History People Are Talking About: Archives 1-29-03 to 2-26-03

History Being Talked About



































    Gavan McCormack, research professor of East Asian history at the Australian National University in Canberra, Australia, and co-author of Korea Since 1850; from www.tomdispatch.com, a weblog of the Nation Institute:

    From Pyongyang's point of view, the US was in breach of the 1994 Agreed Framework almost from its inception. It had been promised two light-water nuclear reactors (capacity: 2,000 MW) by a target date of 2003, half a million tons of heavy oil per year in the interim for power generation, moves towards"towards full normalization of political and economic relations," and a non-aggression pact. Pyongyang froze its nuclear development plans for a decade, hoping to hold the US to its word and secure its own removal from the American list of terror-supporting states. According to Colin Powell, addressing a Senate Foreign Relations Committee hearing on February 5, 2002, the administration believed that Pyongyang was continuing to" comply with the [missile flight-test] moratorium they placed upon themselves and stay within the KEDO agreement [the Agreed Framework]." Whatever it then knew about the clandestine purchase of centrifuge technology, presumably from Pakistan, some time in the late 1990s, did not seem to affect this judgment, although much was to be made of it later.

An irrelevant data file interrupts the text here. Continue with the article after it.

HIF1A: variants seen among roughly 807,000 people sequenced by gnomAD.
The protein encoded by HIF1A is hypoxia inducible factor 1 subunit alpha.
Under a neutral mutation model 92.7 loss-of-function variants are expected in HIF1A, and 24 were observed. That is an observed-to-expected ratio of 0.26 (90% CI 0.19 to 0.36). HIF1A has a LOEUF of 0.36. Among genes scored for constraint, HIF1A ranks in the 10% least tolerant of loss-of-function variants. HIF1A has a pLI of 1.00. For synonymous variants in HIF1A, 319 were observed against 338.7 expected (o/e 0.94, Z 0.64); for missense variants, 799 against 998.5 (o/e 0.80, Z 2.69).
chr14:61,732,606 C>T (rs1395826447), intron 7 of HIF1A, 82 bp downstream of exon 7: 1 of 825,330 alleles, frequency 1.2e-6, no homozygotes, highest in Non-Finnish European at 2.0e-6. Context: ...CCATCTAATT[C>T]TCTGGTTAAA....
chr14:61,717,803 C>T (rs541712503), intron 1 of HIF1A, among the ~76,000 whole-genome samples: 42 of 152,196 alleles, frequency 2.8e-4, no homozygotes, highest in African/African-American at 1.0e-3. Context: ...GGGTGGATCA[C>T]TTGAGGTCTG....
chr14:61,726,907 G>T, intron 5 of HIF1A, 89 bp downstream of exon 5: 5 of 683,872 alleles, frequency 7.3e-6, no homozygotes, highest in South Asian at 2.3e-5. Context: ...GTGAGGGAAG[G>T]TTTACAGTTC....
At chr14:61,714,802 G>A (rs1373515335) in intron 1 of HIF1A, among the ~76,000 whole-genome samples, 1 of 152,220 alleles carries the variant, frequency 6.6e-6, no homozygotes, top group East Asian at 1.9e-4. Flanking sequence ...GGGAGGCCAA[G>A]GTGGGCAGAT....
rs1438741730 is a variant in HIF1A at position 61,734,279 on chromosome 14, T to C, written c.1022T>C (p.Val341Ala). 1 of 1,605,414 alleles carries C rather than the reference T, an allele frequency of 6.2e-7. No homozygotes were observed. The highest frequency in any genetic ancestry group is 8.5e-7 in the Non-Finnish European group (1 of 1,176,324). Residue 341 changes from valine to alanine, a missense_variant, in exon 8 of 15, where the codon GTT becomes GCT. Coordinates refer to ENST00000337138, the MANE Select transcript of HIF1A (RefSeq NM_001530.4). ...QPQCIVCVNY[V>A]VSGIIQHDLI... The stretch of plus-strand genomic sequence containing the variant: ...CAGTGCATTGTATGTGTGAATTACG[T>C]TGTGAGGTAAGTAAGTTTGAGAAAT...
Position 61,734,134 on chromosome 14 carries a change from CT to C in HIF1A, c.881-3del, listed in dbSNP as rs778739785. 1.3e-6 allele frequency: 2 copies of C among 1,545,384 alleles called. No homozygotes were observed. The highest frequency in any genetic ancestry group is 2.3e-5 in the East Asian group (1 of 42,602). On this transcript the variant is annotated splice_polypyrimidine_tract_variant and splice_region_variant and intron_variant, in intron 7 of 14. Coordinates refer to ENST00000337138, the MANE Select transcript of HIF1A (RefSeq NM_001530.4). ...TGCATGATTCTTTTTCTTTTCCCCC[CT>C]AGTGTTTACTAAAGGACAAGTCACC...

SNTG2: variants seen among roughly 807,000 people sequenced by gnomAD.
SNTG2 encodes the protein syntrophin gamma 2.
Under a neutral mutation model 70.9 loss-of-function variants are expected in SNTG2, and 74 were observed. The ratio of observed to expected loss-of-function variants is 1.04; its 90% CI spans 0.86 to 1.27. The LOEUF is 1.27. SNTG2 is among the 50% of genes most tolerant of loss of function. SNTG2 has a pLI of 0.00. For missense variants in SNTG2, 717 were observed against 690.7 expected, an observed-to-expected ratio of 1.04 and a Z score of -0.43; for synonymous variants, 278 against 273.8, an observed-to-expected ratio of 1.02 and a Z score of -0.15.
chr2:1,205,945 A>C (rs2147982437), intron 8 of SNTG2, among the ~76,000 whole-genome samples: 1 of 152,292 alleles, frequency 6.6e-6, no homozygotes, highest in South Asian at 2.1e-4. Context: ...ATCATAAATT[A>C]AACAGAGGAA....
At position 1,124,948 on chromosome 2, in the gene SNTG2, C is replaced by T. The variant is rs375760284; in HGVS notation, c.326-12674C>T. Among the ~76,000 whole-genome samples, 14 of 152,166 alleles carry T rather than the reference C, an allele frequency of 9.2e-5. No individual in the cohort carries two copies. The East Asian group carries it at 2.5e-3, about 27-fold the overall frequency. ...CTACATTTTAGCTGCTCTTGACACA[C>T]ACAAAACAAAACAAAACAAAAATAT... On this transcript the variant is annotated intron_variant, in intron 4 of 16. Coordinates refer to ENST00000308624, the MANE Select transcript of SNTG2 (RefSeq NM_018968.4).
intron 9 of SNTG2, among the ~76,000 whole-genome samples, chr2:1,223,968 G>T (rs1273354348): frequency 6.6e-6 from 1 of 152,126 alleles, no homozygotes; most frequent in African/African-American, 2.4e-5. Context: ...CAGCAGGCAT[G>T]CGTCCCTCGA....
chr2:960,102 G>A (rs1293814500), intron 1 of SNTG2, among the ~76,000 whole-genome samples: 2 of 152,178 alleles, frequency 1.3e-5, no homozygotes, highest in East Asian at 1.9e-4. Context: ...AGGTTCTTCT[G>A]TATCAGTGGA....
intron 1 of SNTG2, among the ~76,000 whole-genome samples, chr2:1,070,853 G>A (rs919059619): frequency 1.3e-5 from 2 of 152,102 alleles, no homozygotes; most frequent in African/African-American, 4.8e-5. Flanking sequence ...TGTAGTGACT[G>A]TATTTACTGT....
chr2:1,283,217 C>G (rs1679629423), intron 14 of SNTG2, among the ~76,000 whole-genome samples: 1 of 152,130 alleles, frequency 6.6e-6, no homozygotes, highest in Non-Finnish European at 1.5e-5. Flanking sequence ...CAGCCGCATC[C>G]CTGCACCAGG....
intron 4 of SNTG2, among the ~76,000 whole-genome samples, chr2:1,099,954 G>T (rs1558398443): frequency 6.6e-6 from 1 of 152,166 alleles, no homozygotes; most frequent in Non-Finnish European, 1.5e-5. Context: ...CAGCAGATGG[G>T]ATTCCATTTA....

After September 11, Pyongyang made every effort to associate itself with the mood of the international community by promptly signing the outstanding international conventions on terrorism and declaring its opposition to terrorism in the UN General Assembly. For all these gestures in the end it got nothing. The new Bush administration arrived in Washington convinced that the Agreed Framework should be a one-sided North Korean commitment to abandon its nuclear program. Even though the Department of State could find no North Korean connections to terror (other than the refuge it still offered to aging Japanese perpetrators of a 1970 hijacking), Bush nevertheless chose to describe it as part of the"axis of evil" and his government named it, along with other non-nuclear countries, a potential nuclear target in the Nuclear Posture Statement submitted to Congress in December 2001. The"2003" reactor pledge was never taken seriously. Delays were chronic and construction on the site, such as it was, only began in 2002, when a few large holes were dug and some foundations laid. Meanwhile, North Korea's energy sector steadily deteriorated. In November 2002, the US stopped the scheduled oil supplies, and in January 2003 canceled the entire deal, saying there would be no nuclear plant of any kind, ever.